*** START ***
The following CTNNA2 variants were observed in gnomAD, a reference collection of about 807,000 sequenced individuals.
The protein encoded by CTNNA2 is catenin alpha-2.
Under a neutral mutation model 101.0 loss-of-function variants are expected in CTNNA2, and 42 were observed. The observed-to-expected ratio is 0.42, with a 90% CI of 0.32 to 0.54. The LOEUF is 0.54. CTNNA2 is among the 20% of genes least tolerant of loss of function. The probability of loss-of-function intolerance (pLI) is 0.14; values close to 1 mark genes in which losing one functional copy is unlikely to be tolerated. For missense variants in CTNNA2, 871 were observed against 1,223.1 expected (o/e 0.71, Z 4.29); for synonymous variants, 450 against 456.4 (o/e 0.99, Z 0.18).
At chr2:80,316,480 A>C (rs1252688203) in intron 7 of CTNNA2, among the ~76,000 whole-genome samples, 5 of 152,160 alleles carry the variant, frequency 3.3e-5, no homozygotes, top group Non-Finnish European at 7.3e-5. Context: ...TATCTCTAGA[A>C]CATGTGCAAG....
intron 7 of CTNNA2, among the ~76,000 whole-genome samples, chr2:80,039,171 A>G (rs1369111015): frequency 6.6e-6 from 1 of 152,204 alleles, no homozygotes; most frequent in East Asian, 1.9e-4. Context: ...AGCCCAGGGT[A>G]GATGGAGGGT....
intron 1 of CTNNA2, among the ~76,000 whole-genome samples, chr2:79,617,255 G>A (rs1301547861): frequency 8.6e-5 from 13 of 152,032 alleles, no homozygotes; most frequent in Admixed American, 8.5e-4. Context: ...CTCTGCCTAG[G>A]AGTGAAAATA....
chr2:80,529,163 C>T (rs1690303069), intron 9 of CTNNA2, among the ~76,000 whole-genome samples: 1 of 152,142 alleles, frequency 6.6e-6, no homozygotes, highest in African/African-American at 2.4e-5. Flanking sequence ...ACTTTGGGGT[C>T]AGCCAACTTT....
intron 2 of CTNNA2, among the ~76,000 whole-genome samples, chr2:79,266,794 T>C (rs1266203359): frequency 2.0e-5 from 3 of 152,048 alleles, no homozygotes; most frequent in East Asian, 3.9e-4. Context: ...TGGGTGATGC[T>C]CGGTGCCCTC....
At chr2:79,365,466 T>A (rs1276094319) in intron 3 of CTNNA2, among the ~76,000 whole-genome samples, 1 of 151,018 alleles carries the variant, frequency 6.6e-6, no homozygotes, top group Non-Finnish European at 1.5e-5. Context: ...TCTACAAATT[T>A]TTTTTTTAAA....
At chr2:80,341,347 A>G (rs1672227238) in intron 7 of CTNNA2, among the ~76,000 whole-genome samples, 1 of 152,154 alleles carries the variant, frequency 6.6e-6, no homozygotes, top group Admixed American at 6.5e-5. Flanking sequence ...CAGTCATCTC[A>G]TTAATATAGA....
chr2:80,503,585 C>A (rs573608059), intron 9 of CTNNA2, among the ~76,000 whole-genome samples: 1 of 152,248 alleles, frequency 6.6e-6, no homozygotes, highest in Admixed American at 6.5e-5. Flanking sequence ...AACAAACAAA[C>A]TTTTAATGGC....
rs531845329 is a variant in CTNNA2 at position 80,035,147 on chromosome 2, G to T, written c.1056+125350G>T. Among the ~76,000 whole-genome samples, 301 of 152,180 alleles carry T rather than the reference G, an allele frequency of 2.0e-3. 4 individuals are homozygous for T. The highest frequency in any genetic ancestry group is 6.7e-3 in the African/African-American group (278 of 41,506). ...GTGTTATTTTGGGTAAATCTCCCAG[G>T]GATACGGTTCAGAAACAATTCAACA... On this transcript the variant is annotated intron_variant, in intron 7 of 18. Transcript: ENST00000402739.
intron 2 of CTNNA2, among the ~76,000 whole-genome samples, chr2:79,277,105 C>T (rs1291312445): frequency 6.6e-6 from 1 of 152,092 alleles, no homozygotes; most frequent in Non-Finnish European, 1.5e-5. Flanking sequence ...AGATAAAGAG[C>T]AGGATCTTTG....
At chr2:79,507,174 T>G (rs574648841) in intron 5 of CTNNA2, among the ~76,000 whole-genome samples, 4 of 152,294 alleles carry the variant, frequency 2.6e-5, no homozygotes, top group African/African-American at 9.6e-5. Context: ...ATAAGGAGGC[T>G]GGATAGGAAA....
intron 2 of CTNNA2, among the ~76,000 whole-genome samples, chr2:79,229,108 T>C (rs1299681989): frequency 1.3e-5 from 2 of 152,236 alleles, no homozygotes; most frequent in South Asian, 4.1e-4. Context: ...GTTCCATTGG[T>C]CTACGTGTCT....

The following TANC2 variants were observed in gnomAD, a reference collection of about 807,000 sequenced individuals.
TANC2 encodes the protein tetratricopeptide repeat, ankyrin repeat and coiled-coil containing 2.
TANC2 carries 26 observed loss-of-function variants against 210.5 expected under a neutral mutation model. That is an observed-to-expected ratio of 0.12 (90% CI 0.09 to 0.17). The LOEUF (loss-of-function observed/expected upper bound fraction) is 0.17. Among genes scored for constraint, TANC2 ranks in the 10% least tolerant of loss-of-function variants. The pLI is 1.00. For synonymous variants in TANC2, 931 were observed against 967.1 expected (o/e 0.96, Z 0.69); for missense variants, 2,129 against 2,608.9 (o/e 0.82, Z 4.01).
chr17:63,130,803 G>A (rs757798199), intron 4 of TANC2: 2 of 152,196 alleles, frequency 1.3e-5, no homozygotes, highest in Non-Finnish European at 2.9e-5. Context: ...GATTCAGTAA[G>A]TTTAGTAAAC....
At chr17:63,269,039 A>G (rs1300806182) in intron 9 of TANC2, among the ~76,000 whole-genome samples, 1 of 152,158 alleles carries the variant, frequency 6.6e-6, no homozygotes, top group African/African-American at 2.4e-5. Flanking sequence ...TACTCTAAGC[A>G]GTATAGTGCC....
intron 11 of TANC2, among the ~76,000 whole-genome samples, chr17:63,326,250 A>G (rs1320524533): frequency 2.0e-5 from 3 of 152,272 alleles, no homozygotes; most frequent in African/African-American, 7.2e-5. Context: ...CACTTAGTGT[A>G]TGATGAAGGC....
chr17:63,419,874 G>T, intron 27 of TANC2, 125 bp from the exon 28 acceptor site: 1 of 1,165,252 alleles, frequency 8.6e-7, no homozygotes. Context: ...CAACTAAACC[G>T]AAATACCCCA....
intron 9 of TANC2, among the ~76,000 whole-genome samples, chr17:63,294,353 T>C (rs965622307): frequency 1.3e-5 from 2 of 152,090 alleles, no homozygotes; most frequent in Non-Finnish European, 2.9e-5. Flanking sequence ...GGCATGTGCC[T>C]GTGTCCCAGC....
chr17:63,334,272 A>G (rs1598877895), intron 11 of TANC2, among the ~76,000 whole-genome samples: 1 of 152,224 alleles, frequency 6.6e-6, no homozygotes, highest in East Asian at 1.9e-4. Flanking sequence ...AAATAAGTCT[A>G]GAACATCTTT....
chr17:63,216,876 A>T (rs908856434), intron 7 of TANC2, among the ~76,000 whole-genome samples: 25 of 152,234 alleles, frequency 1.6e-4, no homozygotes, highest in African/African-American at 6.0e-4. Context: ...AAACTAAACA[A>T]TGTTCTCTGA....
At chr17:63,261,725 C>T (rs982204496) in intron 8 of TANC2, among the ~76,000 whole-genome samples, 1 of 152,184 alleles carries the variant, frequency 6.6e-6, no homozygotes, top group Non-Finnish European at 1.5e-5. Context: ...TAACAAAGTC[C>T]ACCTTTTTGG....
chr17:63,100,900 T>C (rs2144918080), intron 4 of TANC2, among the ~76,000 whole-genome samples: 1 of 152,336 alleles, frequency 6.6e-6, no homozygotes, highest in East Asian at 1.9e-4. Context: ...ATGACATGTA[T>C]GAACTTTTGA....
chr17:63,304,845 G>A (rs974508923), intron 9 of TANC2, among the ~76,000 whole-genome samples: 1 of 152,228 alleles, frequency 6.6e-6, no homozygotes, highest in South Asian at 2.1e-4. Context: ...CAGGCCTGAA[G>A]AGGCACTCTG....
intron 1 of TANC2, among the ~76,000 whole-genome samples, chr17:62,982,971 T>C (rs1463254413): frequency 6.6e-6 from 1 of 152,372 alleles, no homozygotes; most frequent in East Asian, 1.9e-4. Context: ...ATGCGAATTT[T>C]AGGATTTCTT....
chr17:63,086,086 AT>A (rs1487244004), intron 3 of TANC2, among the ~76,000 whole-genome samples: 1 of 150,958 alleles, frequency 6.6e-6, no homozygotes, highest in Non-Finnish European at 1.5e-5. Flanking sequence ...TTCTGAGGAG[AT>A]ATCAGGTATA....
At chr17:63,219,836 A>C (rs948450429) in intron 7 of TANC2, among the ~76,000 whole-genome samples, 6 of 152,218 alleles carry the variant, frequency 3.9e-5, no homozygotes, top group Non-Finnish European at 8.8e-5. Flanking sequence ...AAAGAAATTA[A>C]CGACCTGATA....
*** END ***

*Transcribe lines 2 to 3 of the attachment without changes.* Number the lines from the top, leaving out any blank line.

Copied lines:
The protein encoded by CTNNA2 is catenin alpha-2.
Under a neutral mutation model 101.0 loss-of-function variants are expected in CTNNA2, and 42 were observed. The observed-to-expected ratio is 0.42, with a 90% CI of 0.32 to 0.54. The LOEUF is 0.54. CTNNA2 is among the 20% of genes least tolerant of loss of function. The probability of loss-of-function intolerance (pLI) is 0.14; values close to 1 mark genes in which losing one functional copy is unlikely to be tolerated. For missense variants in CTNNA2, 871 were observed against 1,223.1 expected (o/e 0.71, Z 4.29); for synonymous variants, 450 against 456.4 (o/e 0.99, Z 0.18).